G4S Stands by Its Man


LONDON -- Despite an embarrassing performance at the summer Olympics, security firm G4S (ISE: GFS.L) is standing by its chief executive.

Nick Buckles, who's been at the company for nearly 30 years, will retain his post. Chief operating officer David Taylor-Smith and head of global sales Ian Horseman Sewell were not so lucky. Both directors resigned in the wake of the company's recent internal review of how it mishandled the Games.

Buckles, who admitted that the Games staffing episode had been a "humiliating shambles," was not guilty of any major mishaps, the company said in the report. They also said it was in the best interest of the company and its shareholders for Buckles to remain at his post.

"While the CEO has ultimate responsibility for the company's performance, the review did not identify significant shortcomings in his performance or serious failings attributable to him in connection with the Olympic contract," G4S said in a statement.

Shareholders may have reason to celebrate, as G4S has largely prospered under Buckles, who has presided over a share price rise of some 76% since being elevated to group CEO in July 2005.

But Buckles has work to do after his firm's royal mishandling of the Olympics security project, in which G4S fulfilled 83% of contracted shifts but failed to provide the required 10,400 security guards, forcing the government to step in with military personnel. Investors have worried that the Olympics affair could jeopardize G4S's relationship with the government, a core customer, at a time when Britain wants to heavily involve the private sector in running public services.

Earlier this month, a new report from the Confederation of British Industry claimed that government could save 23billionpounds by opening up more public services to the private sector. This could mean big business for companies like G4S -- assuming it can put the Olympics fiasco behind it and find a way to keep landing big contracts -- as well as MITIE Group and Rentokil Initial.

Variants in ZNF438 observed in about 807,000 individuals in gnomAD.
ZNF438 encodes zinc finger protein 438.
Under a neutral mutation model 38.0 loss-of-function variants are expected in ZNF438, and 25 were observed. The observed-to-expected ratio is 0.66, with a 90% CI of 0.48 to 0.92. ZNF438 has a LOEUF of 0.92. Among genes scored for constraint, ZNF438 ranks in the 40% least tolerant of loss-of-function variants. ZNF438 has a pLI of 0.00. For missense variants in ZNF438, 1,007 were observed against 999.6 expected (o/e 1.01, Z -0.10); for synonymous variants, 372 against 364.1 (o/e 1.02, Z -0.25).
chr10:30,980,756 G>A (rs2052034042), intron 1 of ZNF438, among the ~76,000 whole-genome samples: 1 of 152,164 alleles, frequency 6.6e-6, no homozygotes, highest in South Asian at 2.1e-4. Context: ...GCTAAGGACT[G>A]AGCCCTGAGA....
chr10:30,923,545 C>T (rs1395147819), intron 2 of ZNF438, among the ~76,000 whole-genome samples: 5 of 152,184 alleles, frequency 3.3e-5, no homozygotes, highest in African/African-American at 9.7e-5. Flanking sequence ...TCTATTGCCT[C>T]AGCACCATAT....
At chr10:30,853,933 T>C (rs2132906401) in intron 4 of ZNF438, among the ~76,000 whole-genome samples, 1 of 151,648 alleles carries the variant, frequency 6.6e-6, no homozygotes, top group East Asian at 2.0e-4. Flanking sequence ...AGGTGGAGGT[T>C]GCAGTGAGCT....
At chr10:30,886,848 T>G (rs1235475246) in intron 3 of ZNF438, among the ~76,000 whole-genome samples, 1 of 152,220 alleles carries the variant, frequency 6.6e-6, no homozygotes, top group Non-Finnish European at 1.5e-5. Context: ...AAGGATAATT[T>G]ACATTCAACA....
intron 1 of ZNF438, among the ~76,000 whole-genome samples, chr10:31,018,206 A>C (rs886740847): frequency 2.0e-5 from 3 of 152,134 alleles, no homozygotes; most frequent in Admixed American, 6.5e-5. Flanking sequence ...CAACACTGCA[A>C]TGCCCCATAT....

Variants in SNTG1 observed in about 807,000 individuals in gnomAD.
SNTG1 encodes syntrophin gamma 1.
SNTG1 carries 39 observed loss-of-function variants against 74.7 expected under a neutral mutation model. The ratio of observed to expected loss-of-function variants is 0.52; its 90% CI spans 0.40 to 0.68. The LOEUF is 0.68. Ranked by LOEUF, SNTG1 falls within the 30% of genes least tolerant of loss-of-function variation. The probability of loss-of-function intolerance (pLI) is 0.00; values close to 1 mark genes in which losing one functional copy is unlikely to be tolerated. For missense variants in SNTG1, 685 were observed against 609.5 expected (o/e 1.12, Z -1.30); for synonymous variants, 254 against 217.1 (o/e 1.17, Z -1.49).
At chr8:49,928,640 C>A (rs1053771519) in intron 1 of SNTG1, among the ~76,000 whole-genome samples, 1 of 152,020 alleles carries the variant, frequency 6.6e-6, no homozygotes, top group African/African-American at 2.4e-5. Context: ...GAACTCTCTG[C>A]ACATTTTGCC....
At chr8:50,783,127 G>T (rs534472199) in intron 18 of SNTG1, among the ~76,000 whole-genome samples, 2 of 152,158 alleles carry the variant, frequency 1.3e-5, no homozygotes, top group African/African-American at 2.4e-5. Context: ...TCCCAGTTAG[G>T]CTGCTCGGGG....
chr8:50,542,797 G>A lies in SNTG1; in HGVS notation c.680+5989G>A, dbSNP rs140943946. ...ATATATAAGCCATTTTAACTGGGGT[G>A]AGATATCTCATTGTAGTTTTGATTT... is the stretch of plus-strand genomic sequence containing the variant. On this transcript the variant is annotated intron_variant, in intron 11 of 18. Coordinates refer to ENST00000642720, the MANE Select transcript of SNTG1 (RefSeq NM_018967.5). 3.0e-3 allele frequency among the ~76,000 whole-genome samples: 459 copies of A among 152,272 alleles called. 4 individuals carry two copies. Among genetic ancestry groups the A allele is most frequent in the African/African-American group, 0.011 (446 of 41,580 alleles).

Government deals account for more than half of G4S's 1.8 billion pounds of revenue in the U.K. -- and are responsible for more than 20% of its pipeline of potential work here.

G4S, which has estimated its loss on the Olympics contract at around 50 million pounds, is the world's biggest private security company, with more than 650,000 staff worldwide.

G4S has work to do, and the uncertainty surrounding the government's willingness to give the firm another shot could be an alarm bell for shareholders. So if you're looking to invest but want a bit more peace of mind, maybe Neil Woodford can help. The legendary City fund manager has thrashed the FTSE 100 during the last five, 10, and 15 years to 2011 by betting on lowly rated blue chips. If you want to know what shares he's currently favoring, you need to get hold of "8 Shares Held By Britain's Super Investor." But hurry -- this Motley Fool special free report is only available for a limited time.

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